The horrific case of chef Daniel Brophy’s June 2018 homicide has garnered quite a lot of attention recently. If we’re being honest, it’s owing to his wife’s conviction in the matter. After all, as carefully explored in ‘Dateline: Murder in Kitchen One,’ Nancy Crampton-Brophy was an author who’d not only published several titles but had also penned an essay called ‘How to Kill Your Husband.’ So now, if you wish to learn more about the same, that is, her long-lasting career as a writer of novels as well as online blog posts alike, don’t worry; we’ve got the details for you.
How Many Books Has Nancy Brophy Written? What Were Their Themes?
Nancy Brophy’s first recognized work was reportedly an informative pamphlet (regarding sexuality in the 1960s and 70s) for the University of Houston, which just boosted her affinity for writing. She thus began focusing on non-fiction storytelling, leading her to evolve into a romance and suspense specialist with numerous titles under both her name as well as a pen name. “My stories,” the author asserts in her biography, “are about pretty men and strong women, about families that don’t always work, and about the joy of finding love and the difficulty of making it stay.”
From what we can tell, Nancy has self-published at least 11 books over the years, including two romantic series, ‘Wrong Never Felt So Right’ and ‘Shadow Men.’ They are, in no particular order, ‘Caught In The Middle,’ ‘Dance of Passion,’ ‘Girl Most Likely To,’ ‘Hell On The Heart,’ ‘The Wrong Brother,’ ‘The Wrong Hero,’ ‘The Wrong Cop,’ ‘The Wrong Lover,’ ‘The Wrong Husband,’ ‘The Wrong SEAL,’ and the ‘Plotting Your Story Arc’ workbook. Her novels indeed cover couples facing all kinds of issues. Prior to her arrest, Nancy had been considering a new story of a woman who turned the tables on her abusive partner using a gun.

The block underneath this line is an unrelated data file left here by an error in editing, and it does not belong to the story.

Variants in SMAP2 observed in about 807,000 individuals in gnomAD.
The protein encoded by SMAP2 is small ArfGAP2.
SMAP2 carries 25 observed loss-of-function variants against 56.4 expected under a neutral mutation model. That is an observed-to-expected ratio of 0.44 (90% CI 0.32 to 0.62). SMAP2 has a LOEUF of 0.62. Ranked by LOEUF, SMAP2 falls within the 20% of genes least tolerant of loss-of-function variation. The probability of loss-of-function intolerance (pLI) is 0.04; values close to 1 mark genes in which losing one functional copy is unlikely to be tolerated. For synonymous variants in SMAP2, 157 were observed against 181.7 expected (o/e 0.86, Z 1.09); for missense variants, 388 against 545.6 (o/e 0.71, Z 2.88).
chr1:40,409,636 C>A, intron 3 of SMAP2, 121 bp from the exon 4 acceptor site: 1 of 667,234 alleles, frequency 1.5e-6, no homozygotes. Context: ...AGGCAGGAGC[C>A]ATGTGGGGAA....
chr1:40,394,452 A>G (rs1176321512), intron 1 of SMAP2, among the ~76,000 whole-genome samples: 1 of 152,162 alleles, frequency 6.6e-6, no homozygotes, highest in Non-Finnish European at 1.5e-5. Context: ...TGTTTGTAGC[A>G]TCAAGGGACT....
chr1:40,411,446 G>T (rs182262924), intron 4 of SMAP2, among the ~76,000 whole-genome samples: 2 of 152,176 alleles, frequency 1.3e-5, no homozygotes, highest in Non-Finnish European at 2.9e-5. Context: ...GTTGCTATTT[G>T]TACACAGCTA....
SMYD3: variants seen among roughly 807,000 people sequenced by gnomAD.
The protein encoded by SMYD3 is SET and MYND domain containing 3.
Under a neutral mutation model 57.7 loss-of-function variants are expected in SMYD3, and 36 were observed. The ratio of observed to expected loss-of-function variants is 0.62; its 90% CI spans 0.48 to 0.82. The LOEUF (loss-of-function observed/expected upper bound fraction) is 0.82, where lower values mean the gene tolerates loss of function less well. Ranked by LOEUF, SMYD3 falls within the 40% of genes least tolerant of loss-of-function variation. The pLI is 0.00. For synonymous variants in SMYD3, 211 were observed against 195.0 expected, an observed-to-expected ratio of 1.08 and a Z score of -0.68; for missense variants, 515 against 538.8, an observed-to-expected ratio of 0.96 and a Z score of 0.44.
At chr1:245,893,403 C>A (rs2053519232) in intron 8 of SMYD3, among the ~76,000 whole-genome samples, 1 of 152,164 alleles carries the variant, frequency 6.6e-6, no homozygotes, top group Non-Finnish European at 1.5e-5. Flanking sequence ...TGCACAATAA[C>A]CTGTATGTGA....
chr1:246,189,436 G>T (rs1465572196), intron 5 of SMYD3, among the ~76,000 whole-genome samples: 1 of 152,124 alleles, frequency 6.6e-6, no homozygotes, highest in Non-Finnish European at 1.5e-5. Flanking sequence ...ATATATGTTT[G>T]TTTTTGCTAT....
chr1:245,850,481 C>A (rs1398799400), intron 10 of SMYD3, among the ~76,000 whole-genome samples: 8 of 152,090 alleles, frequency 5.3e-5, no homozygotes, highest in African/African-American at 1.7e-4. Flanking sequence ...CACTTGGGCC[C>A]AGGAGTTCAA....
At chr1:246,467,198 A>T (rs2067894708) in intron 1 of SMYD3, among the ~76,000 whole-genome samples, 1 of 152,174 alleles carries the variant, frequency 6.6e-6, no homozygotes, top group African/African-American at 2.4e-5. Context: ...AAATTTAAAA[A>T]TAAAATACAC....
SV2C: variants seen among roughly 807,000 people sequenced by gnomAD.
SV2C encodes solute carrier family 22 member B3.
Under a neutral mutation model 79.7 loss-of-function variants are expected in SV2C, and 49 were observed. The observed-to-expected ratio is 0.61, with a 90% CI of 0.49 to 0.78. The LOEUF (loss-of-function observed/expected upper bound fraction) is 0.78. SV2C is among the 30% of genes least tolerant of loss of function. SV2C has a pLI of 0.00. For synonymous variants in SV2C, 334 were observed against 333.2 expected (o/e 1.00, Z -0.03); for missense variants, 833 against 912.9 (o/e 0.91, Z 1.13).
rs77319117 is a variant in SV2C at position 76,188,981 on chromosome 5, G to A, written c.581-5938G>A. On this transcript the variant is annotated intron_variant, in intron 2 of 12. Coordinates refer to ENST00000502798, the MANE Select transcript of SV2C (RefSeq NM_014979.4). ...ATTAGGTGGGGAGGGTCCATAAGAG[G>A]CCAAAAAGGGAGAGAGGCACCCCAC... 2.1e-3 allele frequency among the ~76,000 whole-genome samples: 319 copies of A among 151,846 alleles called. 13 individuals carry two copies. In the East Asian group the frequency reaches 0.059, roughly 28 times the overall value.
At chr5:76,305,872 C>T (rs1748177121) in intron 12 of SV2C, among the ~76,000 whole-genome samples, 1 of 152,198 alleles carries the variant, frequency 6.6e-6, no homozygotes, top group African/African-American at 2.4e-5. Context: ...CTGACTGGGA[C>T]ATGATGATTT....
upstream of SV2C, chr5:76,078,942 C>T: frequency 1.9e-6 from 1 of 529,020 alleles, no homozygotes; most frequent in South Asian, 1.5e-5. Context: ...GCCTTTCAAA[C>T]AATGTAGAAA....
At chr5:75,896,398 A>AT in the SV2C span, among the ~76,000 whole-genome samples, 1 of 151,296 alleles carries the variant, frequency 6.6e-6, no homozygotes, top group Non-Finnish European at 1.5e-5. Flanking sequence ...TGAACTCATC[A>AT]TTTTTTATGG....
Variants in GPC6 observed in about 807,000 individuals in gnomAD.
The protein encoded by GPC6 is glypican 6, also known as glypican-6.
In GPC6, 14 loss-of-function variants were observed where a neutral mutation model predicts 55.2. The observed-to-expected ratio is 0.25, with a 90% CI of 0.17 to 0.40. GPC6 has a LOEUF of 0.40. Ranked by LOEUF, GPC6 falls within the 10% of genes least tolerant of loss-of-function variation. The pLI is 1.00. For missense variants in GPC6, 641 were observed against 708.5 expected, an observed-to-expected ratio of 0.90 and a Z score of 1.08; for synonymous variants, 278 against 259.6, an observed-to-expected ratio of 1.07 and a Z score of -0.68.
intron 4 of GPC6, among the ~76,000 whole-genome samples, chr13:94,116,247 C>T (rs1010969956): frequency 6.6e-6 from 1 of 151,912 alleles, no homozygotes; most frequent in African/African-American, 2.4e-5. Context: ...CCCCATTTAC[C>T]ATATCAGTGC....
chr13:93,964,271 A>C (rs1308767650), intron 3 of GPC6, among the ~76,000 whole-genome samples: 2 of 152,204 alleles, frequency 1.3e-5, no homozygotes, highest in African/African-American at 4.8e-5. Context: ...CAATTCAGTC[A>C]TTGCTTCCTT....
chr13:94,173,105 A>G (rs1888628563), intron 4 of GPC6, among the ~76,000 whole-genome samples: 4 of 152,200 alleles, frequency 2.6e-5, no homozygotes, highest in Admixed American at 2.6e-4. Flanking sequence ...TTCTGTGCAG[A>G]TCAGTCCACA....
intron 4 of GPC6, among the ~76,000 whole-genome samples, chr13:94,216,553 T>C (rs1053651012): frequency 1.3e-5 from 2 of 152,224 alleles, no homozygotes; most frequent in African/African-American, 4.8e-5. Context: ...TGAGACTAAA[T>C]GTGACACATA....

Did Nancy Brophy Really Pen “How to Kill Your Husband”?
In November 2011, more than seven years before Nancy was even accused of slaying her spouse, she explained the best ways to do so in a post entitled ‘How to Murder Your Husband.’ She pondered the different methods as well as their drastically different results after stating her belief that wives who choose to kill their partners are always quite determined. “Divorce is expensive, and do you really want to split your possessions? Or if you married for money, aren’t you entitled to all of it?” she wrote.
Nancy added, “The drawback is the police aren’t stupid. They are looking at you first. So you have to be organized, ruthless, and very clever.” She had actually started the entire thing by elucidating, “As a romantic suspense writer, I spend a lot of time thinking about murder and, consequently, about police procedure. After all, if the murder is supposed to set me free, I certainly don’t want to spend any time in jail. And let me say clearly for the record, I don’t like jumpsuits and orange isn’t my color.”
On the flip side, though, to conclude her detailed report, Nancy had openly penned, “I find it is easier to wish people dead than to actually kill them. I don’t want to worry about blood and brains splattered on my walls. And really, I’m not good at remembering lies. But the thing I know about murder is that every one of us [has] it in him/her when pushed far enough.”
Read More: Where is Nathaniel Stillwater Now?